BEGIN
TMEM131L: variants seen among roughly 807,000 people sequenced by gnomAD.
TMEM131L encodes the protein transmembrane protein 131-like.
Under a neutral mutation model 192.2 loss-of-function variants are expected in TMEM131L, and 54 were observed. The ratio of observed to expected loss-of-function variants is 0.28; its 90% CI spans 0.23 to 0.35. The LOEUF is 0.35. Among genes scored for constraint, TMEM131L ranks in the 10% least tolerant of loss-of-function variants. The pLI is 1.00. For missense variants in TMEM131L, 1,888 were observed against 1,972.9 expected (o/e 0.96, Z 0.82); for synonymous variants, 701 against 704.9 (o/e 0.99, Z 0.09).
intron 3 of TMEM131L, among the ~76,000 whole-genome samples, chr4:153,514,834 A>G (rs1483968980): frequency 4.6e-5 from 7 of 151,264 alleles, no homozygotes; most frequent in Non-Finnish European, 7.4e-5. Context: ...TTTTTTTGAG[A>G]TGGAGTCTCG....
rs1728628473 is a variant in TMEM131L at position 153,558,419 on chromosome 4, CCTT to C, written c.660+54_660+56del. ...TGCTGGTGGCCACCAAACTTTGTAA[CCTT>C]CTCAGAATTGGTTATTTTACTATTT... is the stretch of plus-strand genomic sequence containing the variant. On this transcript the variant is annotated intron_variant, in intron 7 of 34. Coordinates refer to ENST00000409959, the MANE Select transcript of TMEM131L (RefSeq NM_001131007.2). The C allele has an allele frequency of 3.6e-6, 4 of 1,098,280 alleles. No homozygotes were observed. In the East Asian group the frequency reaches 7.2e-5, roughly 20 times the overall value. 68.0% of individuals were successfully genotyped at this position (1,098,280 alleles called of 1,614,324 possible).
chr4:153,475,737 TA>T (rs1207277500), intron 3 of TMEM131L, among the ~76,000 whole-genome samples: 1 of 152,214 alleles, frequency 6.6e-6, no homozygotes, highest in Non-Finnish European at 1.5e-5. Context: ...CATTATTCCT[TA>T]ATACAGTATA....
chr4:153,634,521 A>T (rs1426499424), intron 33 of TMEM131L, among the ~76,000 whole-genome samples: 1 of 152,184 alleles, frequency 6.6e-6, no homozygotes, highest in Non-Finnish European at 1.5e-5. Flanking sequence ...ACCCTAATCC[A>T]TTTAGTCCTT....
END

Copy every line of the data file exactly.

TMEM131L: variants seen among roughly 807,000 people sequenced by gnomAD.
TMEM131L encodes the protein transmembrane protein 131-like.
Under a neutral mutation model 192.2 loss-of-function variants are expected in TMEM131L, and 54 were observed. The ratio of observed to expected loss-of-function variants is 0.28; its 90% CI spans 0.23 to 0.35. The LOEUF is 0.35. Among genes scored for constraint, TMEM131L ranks in the 10% least tolerant of loss-of-function variants. The pLI is 1.00. For missense variants in TMEM131L, 1,888 were observed against 1,972.9 expected (o/e 0.96, Z 0.82); for synonymous variants, 701 against 704.9 (o/e 0.99, Z 0.09).
intron 3 of TMEM131L, among the ~76,000 whole-genome samples, chr4:153,514,834 A>G (rs1483968980): frequency 4.6e-5 from 7 of 151,264 alleles, no homozygotes; most frequent in Non-Finnish European, 7.4e-5. Context: ...TTTTTTTGAG[A>G]TGGAGTCTCG....
rs1728628473 is a variant in TMEM131L at position 153,558,419 on chromosome 4, CCTT to C, written c.660+54_660+56del. ...TGCTGGTGGCCACCAAACTTTGTAA[CCTT>C]CTCAGAATTGGTTATTTTACTATTT... is the stretch of plus-strand genomic sequence containing the variant. On this transcript the variant is annotated intron_variant, in intron 7 of 34. Coordinates refer to ENST00000409959, the MANE Select transcript of TMEM131L (RefSeq NM_001131007.2). The C allele has an allele frequency of 3.6e-6, 4 of 1,098,280 alleles. No homozygotes were observed. In the East Asian group the frequency reaches 7.2e-5, roughly 20 times the overall value. 68.0% of individuals were successfully genotyped at this position (1,098,280 alleles called of 1,614,324 possible).
chr4:153,475,737 TA>T (rs1207277500), intron 3 of TMEM131L, among the ~76,000 whole-genome samples: 1 of 152,214 alleles, frequency 6.6e-6, no homozygotes, highest in Non-Finnish European at 1.5e-5. Context: ...CATTATTCCT[TA>T]ATACAGTATA....
chr4:153,634,521 A>T (rs1426499424), intron 33 of TMEM131L, among the ~76,000 whole-genome samples: 1 of 152,184 alleles, frequency 6.6e-6, no homozygotes, highest in Non-Finnish European at 1.5e-5. Flanking sequence ...ACCCTAATCC[A>T]TTTAGTCCTT....